By Emily Ford
SALISBURY — Even though Craig Chepke encountered cadavers as a first-year medical student at New York University, his real lesson in mortality came when two planes hit the World Trade Center on Sept. 11, 2001.
“It was the most terrifying and humbling day of my life,” Chepke said.
Now a psychiatrist at Rowan Regional Medical Center poised to become medical director of the hospital’s new geriatric behavioral unit, Chepke was 22 when hijackers crashed fully fueled passenger jets into the Twin Towers blocks from his dorm room.
The Ohio native who grew up in Charlotte and attended Duke University had been in medical school for one week.
On the morning of Sept. 11, Chepke was in anatomy lecture when someone said a plane had hit the World Trade Center. He thought it must have been an accident.
The students moved to anatomy lab, where they heard another plane had hit.
“That’s when we knew something was really wrong,” Chepke said.
They couldn’t access CNN on the computer in the lab, so they moved to a common room and turned on the TV. With millions of other horrified Americans, they watched the first tower fall.
NYU Medical Center and Bellvue Hospital were designated trauma centers, so even though Chepke and his classmates knew nothing about medicine, they threw on scrubs and went to Bellvue.
“We hadn’t done anything clinical whatsoever,” Chepke said. “But if nothing else, we thought we could be an extra pair of hands.”
They found dozens of doctors standing around, waiting for survivors who never arrived.
“We thought there would be hundreds of patients coming in,” he said.
Relatively few people were pulled alive from the rubble. And they went to trauma centers closer to Ground Zero.
Dismissed for the day, Chepke went to give blood, but the line was hundreds of people long. As he walked around NYU looking for another way to help, Chepke heard one terrifying rumor after another: The Washington Monument had fallen. The Empire State Building was next. He expected to see people with M16s taking over the streets of New York City and wondered if the city had been infiltrated from the shoreline.
He knew another plane had struck the Pentagon, and a fourth had crashed into a field in Pennsylvania. Airports across the country begin to close, and New York Mayor Rudy Giuliani ordered an evacuation of Lower Manhattan.
For Chepke, fear set in.
Still before noon, he went back to his dorm room, where he could see the Empire State Building from his window. Any terrorist intent on destroying yet another American symbol by using a plane as a bomb would send debris into his room.
“I was so terrified, I hid behind the bed,” he said.
No attack came, and eventually Chepke joined others to watch news reports and finally got cellphone service to call his family in Charlotte.
“They’d been hysterical all morning,” he said.
The week went by in a blur of smoke, ash and grieving families. Chepke and other students wore masks for several days when they went outside, where they maneuvered through crowds of people looking for lost loved ones or coming to identify remains at the city medical examiner’s office and morgue, which was housed at NYU.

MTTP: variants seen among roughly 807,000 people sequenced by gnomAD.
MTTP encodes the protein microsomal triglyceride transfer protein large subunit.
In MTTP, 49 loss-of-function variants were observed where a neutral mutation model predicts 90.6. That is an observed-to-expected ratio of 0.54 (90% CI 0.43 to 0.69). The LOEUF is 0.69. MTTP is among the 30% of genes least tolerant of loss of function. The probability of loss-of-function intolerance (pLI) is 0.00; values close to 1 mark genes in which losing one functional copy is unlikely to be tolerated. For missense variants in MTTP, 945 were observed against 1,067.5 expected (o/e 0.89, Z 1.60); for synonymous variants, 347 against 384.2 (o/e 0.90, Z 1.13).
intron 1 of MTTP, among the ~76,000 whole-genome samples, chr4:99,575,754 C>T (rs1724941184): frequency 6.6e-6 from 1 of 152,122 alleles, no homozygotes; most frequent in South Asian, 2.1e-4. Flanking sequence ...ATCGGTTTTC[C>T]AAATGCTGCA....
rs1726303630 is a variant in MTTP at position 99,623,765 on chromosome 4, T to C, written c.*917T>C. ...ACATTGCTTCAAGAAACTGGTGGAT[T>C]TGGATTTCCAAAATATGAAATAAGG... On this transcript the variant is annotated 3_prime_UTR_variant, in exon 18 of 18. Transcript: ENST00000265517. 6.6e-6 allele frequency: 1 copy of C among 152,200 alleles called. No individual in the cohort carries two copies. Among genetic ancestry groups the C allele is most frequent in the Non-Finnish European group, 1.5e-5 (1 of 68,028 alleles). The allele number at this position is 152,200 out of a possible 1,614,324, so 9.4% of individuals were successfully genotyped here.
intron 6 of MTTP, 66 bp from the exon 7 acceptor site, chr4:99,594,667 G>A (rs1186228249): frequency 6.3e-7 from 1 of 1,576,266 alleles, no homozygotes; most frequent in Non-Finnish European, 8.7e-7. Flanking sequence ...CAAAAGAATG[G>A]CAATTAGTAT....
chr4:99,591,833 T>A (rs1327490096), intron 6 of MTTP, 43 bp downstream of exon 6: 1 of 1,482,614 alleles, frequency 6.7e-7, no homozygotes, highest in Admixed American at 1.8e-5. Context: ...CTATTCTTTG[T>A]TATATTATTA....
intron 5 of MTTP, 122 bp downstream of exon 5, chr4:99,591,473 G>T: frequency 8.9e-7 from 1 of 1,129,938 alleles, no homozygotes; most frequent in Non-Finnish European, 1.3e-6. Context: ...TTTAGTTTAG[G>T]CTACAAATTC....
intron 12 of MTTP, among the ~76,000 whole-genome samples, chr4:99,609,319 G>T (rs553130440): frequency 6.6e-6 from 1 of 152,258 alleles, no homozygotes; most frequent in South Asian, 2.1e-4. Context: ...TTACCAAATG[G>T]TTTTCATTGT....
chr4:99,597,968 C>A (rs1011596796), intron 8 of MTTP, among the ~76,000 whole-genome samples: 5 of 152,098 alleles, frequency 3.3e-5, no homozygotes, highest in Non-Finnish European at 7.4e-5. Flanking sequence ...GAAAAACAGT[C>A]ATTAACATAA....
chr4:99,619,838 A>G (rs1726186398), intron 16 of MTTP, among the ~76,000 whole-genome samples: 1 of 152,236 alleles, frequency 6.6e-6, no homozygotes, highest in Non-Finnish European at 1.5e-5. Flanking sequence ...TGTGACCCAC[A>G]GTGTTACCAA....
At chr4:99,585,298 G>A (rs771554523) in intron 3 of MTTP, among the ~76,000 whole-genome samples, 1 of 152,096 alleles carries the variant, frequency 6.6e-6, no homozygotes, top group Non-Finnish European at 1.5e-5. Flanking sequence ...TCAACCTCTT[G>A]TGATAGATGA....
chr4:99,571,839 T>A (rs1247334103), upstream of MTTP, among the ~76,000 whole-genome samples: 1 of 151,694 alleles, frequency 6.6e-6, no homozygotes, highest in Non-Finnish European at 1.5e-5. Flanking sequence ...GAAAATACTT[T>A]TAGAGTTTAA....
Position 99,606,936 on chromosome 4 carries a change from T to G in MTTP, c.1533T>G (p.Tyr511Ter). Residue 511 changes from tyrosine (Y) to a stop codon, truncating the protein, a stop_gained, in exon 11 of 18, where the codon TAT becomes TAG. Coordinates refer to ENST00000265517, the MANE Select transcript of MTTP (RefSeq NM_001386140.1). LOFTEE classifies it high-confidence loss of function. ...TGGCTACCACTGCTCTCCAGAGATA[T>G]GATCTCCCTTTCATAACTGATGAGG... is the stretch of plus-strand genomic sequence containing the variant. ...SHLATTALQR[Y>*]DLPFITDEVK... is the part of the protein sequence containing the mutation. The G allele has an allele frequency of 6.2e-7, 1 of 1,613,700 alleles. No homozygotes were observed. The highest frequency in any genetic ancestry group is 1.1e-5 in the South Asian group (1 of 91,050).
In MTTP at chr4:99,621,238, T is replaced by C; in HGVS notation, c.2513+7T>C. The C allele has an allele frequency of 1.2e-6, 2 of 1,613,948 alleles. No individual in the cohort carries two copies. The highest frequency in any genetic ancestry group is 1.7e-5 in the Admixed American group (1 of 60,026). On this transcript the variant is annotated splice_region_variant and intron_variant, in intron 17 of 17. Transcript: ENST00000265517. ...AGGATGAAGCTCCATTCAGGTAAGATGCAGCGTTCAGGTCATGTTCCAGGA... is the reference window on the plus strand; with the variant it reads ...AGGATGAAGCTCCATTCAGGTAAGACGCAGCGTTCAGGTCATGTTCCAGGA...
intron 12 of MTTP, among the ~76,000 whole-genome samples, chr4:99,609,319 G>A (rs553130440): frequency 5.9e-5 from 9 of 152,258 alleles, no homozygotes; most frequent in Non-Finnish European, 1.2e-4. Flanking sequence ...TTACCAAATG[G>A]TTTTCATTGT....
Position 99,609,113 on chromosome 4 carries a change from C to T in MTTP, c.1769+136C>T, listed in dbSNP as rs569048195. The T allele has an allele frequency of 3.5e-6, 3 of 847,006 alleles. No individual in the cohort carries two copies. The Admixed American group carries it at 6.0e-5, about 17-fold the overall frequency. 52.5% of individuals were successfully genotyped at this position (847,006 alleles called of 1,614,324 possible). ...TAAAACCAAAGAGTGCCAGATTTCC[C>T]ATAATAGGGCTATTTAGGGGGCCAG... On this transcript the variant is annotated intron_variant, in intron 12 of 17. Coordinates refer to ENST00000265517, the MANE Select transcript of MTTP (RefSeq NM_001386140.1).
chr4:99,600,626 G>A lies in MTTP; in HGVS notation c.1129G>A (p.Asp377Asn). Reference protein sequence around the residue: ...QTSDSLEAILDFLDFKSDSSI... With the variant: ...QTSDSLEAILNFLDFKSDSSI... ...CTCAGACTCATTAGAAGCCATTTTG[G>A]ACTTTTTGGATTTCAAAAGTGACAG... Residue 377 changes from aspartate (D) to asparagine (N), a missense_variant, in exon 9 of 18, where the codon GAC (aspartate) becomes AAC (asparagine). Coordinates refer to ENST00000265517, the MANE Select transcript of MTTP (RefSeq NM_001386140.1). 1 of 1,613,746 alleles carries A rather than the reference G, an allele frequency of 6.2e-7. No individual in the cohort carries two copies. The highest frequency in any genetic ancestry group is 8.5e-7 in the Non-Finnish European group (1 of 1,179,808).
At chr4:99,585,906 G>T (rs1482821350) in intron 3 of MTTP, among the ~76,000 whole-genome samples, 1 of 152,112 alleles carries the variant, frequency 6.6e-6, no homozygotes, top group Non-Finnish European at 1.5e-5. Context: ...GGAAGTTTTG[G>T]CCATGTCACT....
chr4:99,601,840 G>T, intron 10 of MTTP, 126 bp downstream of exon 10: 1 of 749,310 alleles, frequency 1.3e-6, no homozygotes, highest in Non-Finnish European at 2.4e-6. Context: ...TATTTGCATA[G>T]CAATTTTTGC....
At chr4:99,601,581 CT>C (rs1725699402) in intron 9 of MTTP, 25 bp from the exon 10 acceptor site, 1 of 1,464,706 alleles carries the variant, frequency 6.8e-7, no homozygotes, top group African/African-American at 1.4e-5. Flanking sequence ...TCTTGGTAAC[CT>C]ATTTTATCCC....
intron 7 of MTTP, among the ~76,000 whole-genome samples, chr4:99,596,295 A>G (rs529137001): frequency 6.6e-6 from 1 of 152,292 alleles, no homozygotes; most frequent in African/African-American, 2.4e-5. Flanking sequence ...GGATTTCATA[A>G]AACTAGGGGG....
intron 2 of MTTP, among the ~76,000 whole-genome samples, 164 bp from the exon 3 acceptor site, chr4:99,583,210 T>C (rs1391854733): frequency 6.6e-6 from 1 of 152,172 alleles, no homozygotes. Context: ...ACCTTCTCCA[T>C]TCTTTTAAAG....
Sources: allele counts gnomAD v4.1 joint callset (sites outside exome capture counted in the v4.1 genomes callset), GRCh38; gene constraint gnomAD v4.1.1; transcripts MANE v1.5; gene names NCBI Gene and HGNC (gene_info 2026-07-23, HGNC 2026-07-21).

Relatives posted photos and flyers of missing family members along a wall that stretched for 40 or 50 feet. The city closed a street and set up trailers for storage and DNA analysis of human tissue found at Ground Zero.
The trailers remained for three and a half years, almost the entire time Chepke was in medical school. The mobile labs were a daily reminder of the attacks to students who previously used the street to walk to their dormitory.
Some classmates volunteered to help with autopsies, but Chepke said he couldn’t handle it emotionally.
“A lot of people came out very traumatized,” he said.
As soon as it was possible, Chepke and classmates went to Ground Zero to hand out water.
“Everyone there felt a tremendous need to do something,” he said.
The students took their first anatomy test three days after 9/11. Two-thirds of the class failed, including Chepke, but the professor invalidated the scores, an unusual acknowledgement of stress the students were under.
As the country prepares to mark the 10th anniversary of 9/11, Chepke looks back at the terror attacks as a turning point in his life.
“For me, it put a lot of things in perspective. It was such a humbling experience,” he said. “It was the first time I’d ever thought about death and mortality.”
He said became more conscious of the value of life.
“You never know when our time on earth is going to end,” he said. “We need to make the most of the time that we have.”
His medical school class of about 160 students became unusually close, Chepke said. Several classmates changed their speciality to emergency medicine.
While many classmates suffered from post-traumatic stress, Chepke did not. While other stressful events in his life pale in comparison to what he experienced that day, Chepke said he doesn’t fear or dread the 10th anniversary of the attacks.
“I have never before and never since felt that afraid for my life,” he said.
This Sunday, Chepke said he will try to maintain a normal routine. He will watch some TV coverage of 9/11 memorials but avoid heart-wrenching programs that include details like phone calls victims made to loved ones.
“I will observe the anniversary privately, quietly,” Chepke said. “I will say an extra prayer or two for the people who lost their lives and those who are struggling with it and lost family members.”
Contact reporter Emily Ford at 704-797-4264.
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